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From Site Selection magazine, July 2014

Borders Into Bridges

Cross-border alliances showcase a regional economy in transition.

The line of demarcation on the US-Mexico border at San Ysidro, Calif.
Photo by Josh Denmark courtesy of CBP

by Rick Van Schoik, Erik Lee & Christopher Wilson

s the United States and Mexico focus on a number of key bilateral and domestic economic efforts, the US-Mexico border region's economy finds itself at a time of potentially enormous transition. New local initiatives have been developed in recent years across the border region - from Cali-Baja in Tijuana and San Diego to the Binational Economic Development Zone project in Brownsville and Matamoros - to promote border communities as unified and interdependent economic regions. The border states, too, have pushed forward in cooperative efforts, leading the drive to create a series of Border Master Plans to prioritize border infrastructure investments.

Equally important are developments since 2006 at the global and federal levels. Significant progress has been made on issues of bilateral security cooperation, opening a space for new items on the agenda. At the same time, the financial crisis and recession of 2008-2009 reminded us all that economic security is of primary concern, along with national and public security concerns.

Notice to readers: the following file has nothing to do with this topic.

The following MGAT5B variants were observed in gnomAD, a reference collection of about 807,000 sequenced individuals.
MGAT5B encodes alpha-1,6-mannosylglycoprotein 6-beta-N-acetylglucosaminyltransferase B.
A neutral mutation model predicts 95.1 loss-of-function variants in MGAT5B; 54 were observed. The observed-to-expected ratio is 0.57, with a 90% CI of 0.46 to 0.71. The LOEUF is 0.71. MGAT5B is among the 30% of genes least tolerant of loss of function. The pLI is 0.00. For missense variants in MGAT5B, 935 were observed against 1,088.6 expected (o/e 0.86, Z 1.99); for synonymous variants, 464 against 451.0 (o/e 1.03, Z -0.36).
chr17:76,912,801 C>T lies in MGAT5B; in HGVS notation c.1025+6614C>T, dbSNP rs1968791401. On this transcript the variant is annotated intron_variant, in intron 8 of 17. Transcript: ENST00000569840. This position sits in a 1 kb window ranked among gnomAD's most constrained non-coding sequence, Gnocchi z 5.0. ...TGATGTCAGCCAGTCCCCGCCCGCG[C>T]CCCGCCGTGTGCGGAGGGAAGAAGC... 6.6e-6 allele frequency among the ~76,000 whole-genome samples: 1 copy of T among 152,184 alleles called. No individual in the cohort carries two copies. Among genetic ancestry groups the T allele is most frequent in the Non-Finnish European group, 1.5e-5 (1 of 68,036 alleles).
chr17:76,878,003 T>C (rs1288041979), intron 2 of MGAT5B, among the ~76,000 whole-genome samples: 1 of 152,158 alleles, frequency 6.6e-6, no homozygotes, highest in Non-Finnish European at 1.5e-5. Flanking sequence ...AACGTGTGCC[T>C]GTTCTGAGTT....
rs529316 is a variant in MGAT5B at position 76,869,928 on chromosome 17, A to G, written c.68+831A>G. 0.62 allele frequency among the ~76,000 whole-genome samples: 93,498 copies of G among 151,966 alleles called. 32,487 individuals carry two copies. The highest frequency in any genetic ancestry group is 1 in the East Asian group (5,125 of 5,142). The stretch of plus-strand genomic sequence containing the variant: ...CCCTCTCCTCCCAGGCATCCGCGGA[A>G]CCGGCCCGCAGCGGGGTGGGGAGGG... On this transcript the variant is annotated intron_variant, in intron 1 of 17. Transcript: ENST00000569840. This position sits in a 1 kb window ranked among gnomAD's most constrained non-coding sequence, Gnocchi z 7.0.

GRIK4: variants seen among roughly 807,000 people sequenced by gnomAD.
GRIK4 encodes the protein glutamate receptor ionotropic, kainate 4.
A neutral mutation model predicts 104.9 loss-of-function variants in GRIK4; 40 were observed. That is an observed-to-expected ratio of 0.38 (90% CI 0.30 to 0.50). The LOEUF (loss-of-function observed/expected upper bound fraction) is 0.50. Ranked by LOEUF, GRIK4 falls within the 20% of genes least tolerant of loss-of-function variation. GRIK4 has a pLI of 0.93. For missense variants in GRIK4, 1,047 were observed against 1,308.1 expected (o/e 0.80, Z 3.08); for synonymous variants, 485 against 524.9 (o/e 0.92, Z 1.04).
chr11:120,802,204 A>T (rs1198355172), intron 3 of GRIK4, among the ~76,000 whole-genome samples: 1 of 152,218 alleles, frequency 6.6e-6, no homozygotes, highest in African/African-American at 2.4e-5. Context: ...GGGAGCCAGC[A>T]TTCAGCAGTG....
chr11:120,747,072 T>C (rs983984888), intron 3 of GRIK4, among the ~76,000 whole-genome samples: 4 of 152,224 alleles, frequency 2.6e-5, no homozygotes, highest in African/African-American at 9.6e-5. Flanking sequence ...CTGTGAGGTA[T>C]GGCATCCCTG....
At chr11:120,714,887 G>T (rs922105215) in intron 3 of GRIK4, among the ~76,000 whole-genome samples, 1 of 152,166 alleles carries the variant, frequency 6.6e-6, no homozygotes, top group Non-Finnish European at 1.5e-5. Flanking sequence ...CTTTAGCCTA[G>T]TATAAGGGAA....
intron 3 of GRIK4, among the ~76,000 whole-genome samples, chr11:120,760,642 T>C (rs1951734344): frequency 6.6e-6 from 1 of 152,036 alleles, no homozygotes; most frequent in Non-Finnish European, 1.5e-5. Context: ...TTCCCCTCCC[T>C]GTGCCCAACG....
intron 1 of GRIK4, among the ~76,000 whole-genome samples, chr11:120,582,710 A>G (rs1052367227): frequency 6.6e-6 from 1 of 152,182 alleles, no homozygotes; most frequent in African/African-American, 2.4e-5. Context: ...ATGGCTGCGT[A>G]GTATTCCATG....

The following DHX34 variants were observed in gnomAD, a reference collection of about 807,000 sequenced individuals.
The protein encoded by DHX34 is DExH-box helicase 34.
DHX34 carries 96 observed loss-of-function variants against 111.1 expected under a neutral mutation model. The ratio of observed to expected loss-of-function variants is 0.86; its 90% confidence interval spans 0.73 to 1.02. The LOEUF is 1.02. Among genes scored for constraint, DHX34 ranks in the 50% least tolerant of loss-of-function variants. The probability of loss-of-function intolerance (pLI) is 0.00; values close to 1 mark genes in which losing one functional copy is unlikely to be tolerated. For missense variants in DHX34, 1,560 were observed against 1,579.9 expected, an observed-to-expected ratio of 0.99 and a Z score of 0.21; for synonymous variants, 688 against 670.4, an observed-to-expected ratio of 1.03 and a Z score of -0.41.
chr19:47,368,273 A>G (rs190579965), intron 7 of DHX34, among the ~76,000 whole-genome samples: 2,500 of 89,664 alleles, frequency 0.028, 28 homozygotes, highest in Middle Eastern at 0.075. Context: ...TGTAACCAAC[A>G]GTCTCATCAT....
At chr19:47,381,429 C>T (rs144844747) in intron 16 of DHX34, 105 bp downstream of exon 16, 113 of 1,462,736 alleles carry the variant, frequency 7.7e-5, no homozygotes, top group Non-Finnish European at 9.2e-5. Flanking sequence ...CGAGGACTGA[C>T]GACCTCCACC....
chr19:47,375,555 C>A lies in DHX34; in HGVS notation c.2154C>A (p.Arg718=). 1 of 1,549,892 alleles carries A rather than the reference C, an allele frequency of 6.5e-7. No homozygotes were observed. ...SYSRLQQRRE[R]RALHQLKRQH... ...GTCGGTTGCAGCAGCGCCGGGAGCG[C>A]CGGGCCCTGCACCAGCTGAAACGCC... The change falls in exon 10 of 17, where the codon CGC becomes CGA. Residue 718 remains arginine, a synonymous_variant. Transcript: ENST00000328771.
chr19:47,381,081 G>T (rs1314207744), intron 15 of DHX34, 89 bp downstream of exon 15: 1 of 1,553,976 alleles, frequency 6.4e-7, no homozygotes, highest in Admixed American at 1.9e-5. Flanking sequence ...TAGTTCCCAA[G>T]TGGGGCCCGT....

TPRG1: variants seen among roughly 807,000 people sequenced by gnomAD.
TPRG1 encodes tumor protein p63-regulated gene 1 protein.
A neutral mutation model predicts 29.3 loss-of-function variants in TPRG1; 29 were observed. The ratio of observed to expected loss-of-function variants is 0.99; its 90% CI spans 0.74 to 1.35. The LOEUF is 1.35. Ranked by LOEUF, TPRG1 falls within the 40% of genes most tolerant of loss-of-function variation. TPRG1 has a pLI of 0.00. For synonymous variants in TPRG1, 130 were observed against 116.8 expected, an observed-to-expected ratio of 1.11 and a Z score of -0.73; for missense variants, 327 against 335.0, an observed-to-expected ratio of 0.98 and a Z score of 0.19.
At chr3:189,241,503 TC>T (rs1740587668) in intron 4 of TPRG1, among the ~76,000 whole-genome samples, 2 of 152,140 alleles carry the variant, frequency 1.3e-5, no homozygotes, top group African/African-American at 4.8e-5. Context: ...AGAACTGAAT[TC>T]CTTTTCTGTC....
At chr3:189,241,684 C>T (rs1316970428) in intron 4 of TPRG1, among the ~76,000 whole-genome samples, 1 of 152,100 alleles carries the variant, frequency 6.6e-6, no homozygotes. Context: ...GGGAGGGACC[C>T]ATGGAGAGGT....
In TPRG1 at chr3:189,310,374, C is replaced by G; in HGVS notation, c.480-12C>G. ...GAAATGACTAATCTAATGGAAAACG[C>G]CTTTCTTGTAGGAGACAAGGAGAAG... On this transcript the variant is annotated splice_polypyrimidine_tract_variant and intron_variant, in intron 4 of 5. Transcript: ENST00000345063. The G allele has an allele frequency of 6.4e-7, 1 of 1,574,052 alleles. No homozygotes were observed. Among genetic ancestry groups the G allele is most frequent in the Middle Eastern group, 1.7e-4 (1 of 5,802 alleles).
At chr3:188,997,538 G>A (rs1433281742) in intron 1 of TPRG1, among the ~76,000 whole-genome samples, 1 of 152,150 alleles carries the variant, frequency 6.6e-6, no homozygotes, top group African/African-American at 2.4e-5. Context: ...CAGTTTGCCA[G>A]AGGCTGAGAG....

Since the election of Enrique Peña Nieto in 2012, issues of economic cooperation now sit atop the bilateral agenda. The launching of the US-Mexico High Level Economic Dialogue (HLED) has begun to accelerate bilateral progress on issues of trade facilitation, regional transportation planning, energy cooperation, educational exchange, and cooperation in the negotiation of regional trade agreements, most notably the Trans-Pacific Partnership (TPP), which has the potential to update NAFTA. In addition, the impact of the Transatlantic Trade and Investment Partnership (TTIP) offers significant opportunities for the entire region, but it also offers challenges to the region by potentially eroding the special preferences NAFTA guaranteed for its neighbors and presenting issues of the US and Mexico's co-manufactured products' access to Europe.

"Nine of the 10 US and Mexican border state capitals are located at a distance from the border, which presents a political challenge for border communities."